Q&A: Why Does My Leg Flick Out When I Run?

Jul 1, 2013   //   by James Dunne   //   Ask The Coach  //  3 Comments

Question From Lucy

When I run my right leg flicks out to the right so if you think from the back as my heel comes up behind me on the left leg it’s more or less in line with my hamstring, but on the right leg when my heel comes up behind me it flicks to the right hand side.

My knees always seem to collapse inwards too if that’s related and the more tired I get the more that happens!

I always seem to have a niggle in one place or another on the right side so wondered if it was anything to do with that? What, if anything can I do about this?

Response From Coach James Dunne

Hi Lucy, thanks for the question. You’re certainly not the only runner with a noticeable ‘flick’ on one leg or both – it’s a common trait I see in athletes of all types.

As the heel comes up behind and under the body when running, I’d like the foot to come through inline with the leg, when observed from behind. Some runners however flick the foot outwards (as you describe), some flick the foot inwards towards the midline of the body. Clearly neither of these two flicking actions are what we want to see in a runner’s ideal form. Such a flick can be indicative of a number of different underlying flaws – often around the hips.

The following comments should be taken with the major caveat that I haven’t seen you run! Thus I’m talking in general terms based on what your question tells me…

Your question involves two key phrases which I feel are probably linked:

…but on the right leg when my heel comes up behind me it flicks to the right hand side.

My knees always seem to collapse inwards too…

Both the ‘flick out’ when the limb is swinging, and the ‘collapse inwards’ when the limb is in contact with the ground potentially point to the same dysfunctional factor at the hip: poor control of internal rotation and adduction.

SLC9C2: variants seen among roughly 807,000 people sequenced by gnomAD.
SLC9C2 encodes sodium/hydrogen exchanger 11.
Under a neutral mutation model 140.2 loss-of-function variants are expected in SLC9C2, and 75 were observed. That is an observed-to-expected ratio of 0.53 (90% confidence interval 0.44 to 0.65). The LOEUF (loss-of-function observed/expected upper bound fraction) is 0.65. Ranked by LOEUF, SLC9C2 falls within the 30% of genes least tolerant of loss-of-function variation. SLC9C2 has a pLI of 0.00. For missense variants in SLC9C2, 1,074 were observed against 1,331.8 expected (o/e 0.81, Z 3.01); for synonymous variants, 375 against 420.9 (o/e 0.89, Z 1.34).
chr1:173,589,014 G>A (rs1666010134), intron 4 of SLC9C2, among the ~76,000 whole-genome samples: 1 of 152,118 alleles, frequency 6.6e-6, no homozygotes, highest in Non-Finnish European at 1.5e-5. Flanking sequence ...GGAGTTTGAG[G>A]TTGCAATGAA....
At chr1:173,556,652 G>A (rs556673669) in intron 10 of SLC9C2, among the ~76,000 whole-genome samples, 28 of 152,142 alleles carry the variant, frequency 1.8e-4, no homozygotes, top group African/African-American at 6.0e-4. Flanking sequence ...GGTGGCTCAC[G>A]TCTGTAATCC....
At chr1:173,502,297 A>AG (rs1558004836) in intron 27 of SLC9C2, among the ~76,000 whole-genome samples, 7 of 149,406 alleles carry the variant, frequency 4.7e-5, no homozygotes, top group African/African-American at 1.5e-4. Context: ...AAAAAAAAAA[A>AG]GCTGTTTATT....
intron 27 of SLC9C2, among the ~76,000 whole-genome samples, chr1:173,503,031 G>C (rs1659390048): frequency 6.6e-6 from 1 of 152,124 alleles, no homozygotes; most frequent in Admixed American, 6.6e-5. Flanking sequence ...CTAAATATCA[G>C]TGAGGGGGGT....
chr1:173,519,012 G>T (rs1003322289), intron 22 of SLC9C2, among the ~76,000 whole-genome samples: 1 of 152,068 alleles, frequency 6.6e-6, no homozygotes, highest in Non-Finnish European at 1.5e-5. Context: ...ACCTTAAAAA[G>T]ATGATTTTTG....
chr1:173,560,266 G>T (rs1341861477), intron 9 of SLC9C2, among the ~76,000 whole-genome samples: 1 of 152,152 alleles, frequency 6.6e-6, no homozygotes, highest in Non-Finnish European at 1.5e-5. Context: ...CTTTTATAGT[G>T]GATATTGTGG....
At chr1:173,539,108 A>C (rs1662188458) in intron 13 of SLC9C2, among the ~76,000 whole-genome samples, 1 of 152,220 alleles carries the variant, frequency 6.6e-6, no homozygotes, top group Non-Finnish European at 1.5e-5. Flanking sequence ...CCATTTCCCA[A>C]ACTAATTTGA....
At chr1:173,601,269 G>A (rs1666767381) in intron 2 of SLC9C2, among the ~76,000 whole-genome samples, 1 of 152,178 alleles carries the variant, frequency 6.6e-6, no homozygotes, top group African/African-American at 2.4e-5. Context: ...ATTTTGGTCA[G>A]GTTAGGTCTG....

I suggest you’d most likely benefit from targeted strengthening and control exercises working the the external rotators and abductors of the hip, in particular Glute Medius.

As I said, there are a number of other possible causes – but I’d need to see you face-to-face to look at your running to be able to comment further!

Here are a few exercises to try

About The Author

James has an academic background in Sport Rehabilitation and a special interest in Applied Biomechanics. He currently coaches a large number of Runners and Triathletes across all levels of ability and performance. He's grown a strong reputation for enabling athletes to improve their running performance and overcome running injuries through improving their Running Technique and developing Running Specific Strength.

 

3 Comments

  • Hi James,

    Would tightness or weakness in outer or inner hamstrings also cause this? Could it be that Lucy that the outside hamstrings are stronger thus want to do all the work thus kicking out the foot?

    Nigel.

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